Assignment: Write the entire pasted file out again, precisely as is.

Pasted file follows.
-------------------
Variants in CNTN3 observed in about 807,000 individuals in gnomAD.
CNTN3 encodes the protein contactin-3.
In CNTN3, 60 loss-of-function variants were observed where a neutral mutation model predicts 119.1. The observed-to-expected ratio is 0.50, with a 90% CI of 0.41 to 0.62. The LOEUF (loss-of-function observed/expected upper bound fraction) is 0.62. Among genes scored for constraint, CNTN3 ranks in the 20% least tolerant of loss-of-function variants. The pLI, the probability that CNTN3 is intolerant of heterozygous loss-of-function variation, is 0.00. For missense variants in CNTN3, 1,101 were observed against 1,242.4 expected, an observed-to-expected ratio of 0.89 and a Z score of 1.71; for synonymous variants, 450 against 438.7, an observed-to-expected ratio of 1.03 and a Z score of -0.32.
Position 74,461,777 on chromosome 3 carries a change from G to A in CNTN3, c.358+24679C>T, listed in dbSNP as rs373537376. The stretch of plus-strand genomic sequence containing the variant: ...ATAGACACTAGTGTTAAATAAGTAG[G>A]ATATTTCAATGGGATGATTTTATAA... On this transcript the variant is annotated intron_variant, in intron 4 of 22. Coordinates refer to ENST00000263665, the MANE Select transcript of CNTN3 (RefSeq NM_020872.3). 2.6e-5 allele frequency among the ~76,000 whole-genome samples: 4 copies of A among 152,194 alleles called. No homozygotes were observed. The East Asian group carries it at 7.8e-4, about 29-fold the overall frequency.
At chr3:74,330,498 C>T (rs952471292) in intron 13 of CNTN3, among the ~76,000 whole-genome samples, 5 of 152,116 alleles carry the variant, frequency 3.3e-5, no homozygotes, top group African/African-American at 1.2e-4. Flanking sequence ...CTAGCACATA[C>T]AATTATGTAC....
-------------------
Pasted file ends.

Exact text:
Variants in CNTN3 observed in about 807,000 individuals in gnomAD.
CNTN3 encodes the protein contactin-3.
In CNTN3, 60 loss-of-function variants were observed where a neutral mutation model predicts 119.1. The observed-to-expected ratio is 0.50, with a 90% CI of 0.41 to 0.62. The LOEUF (loss-of-function observed/expected upper bound fraction) is 0.62. Among genes scored for constraint, CNTN3 ranks in the 20% least tolerant of loss-of-function variants. The pLI, the probability that CNTN3 is intolerant of heterozygous loss-of-function variation, is 0.00. For missense variants in CNTN3, 1,101 were observed against 1,242.4 expected, an observed-to-expected ratio of 0.89 and a Z score of 1.71; for synonymous variants, 450 against 438.7, an observed-to-expected ratio of 1.03 and a Z score of -0.32.
Position 74,461,777 on chromosome 3 carries a change from G to A in CNTN3, c.358+24679C>T, listed in dbSNP as rs373537376. The stretch of plus-strand genomic sequence containing the variant: ...ATAGACACTAGTGTTAAATAAGTAG[G>A]ATATTTCAATGGGATGATTTTATAA... On this transcript the variant is annotated intron_variant, in intron 4 of 22. Coordinates refer to ENST00000263665, the MANE Select transcript of CNTN3 (RefSeq NM_020872.3). 2.6e-5 allele frequency among the ~76,000 whole-genome samples: 4 copies of A among 152,194 alleles called. No homozygotes were observed. The East Asian group carries it at 7.8e-4, about 29-fold the overall frequency.
At chr3:74,330,498 C>T (rs952471292) in intron 13 of CNTN3, among the ~76,000 whole-genome samples, 5 of 152,116 alleles carry the variant, frequency 3.3e-5, no homozygotes, top group African/African-American at 1.2e-4. Flanking sequence ...CTAGCACATA[C>T]AATTATGTAC....